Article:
I thought about sketching out designs for the dress, then making my favorite design, but I ended up designing the dress as I made it. I am now attached to each of these dolls and even though I want to sell them, it will be hard for me to do so. Someone recently bought my Marie Antoinette puppet and they had to talk me into selling her. She offered to pay the price that I asked, she did not try to bargain with me, it wasn’t the money, it’s just that I had a relationship with the doll. I told myself, o.k., fine, sell her, I’ll just make another one, a better one next time. After the woman walked out the door with my Marie Antoinette puppet, I felt like crying, I was really upset. I’m past that now, but how will I ever part with Alice and the Flamingo, my favorite of the Wonderland dolls? Now that the dolls are finished, I’m thinking of costume designs. I made Emili a Renaissance collar and crown similar to the Queen’s for our photo shoot. The small details of this project took just as long as the felting process. These classic characters abound with beautiful, creative and fun designs for many projects; I’ve fallen to sleep many nights contemplating Alice in Wonderland designs. Stay tuned for more Alice and Wonderland dolls……

The Queen of Hearts

Wool Doll

 
needle felted wool doll, face detail

This is the first antique style doll that I ever needle felted; this doll reminds me of my daughter Emili. My mother’s bisque dolls that I’ve saved are 70 some years old and they’re very fragile. Some of the antique bisque dolls that I have, have chipped faces and broken legs. This replica of my mother’s antique doll will never break (because she is 100% wool), but I will take special precautions when storing her. 

needle felted from wool, Emili doll

The stinky moth ball (made from Paradichlorobenzene) is now thought to contains cancer causing chemicals, which I definitely don’t want to use to store toys for my children. There are several natural herbs that are thought to repel moths: lavendar, rosemary, mint, thyme, ginseng, cloves and lemon. I’m going to make lavendar sachets and store them with my wool dolls and toys. The best way to protect your woolen sweaters, yarns and toys is to store them in a clean, air-tight plastic container. Today, as most of us are looking for more environmentally friendly ways to do things, wool is a great choice! Wool is a sustainable resource, it supports farmers around the world without hurting the animals!, it has very little environmental impact compared to other types of textiles, dust mites don’t like to live in wool, wool is very strong, wool is flame resistant, wool repels moisture and it has anti-bacterial properties. For more information about wool see: http://www.woolrevolution.com/index.html.  

seated wool Emili doll

 I believe that in the last few years, because of so many chemical scares pertaining to children’s toys, natural fibers have become more appealing to parents who want to make sure that the toys they give their children are safe. For more information about chemical toy testing please see: http://www.emaxhealth.com/50/18749.html  The Waldorf education system has endorsed natural fibers for children’s toys since it’s inception. Natural fibers are believed to stimulate the sences and give a child something safe with which to play.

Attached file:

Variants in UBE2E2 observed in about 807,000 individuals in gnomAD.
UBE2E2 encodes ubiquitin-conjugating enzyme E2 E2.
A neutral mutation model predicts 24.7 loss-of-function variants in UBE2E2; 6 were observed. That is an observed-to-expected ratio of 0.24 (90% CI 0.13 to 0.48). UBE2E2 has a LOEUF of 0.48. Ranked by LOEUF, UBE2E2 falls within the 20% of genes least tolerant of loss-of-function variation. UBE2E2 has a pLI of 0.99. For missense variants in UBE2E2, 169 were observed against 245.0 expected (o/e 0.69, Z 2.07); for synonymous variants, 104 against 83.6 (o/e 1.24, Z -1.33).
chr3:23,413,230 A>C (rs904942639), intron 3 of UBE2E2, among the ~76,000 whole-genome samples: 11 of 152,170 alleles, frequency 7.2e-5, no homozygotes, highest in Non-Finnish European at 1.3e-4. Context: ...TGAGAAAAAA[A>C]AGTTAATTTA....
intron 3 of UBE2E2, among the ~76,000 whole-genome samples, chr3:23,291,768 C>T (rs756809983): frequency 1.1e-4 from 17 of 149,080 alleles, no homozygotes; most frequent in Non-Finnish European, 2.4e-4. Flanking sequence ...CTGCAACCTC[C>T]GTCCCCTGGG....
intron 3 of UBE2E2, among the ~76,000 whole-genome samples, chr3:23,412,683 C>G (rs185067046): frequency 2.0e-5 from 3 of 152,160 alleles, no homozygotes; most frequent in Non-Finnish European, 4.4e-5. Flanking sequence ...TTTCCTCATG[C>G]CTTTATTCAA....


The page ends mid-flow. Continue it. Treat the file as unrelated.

needle felted Emili has wool hair and a classic style wool dress

needle felted sheep, from raw undyed wool

Dolly

antique style needle felted doll

I always loved the photographs of little girls with giant bows on their head; I’ve always wondered how this style came to be! Who came up with such a disproportionate hair ornament for a little girl?

Needle felted doll with felt dress and shoes

I have a few antique bisque dolls of my mother’s that inspired me to felt this doll. Needle felted completely from wool, each piece (arms, legs, body and head) was individually needle felted and then sewn together. The head is my favorite part of the doll to make. I take great care to give her a face with an authentic look, I like to style her hair and I think the eyes are the most important part of the face. I found these particular blinking doll eyes in the flea market, I think they’re old because they’re made of metal, not plastic.  

blinking doll eyes

I really don’t like to do the arms and legs, I find it challenging to make both arms and both legs identical (or close to it).

felted doll parts

 The dress for this doll is similar to the original dress of the antique bisque doll, but made from felt. I needle felted a design on the bodice to break up the hot pink color.

needle felted dress detail

I made the socks from some white tricot and old lace that I had, and the little black Mary Janes are also made from felt. 

real life dolly

Childhood Friends

Needle felted teddy bears, 16"
Teddy Bear, Teddy Bear
Torn and tattered
You were my friend
when it really mattered

These needle felted teddy bears were easy to make. Each bear was made by felting together wool shapes.

  1. The teddy bear head is made from a ball, a cone (snout), a tiny ball (nose) and 2 half circles (ears). Two dolls eyes were inserted and glued above the snout.
  2. The body is a big oval, the arms are  long tubes, the legs are longer tubes, the feet are short tubes that are attached to the ends of the legs.
  3. The head, arms and legs are wrapped with curly, brown mohair yarn (2 skeins), then felted securely into the shapes.
  4. The head, arms and legs are sewn onto the body with a doll needle and embroidery thread. Voila, Best Friend!

    Best Friend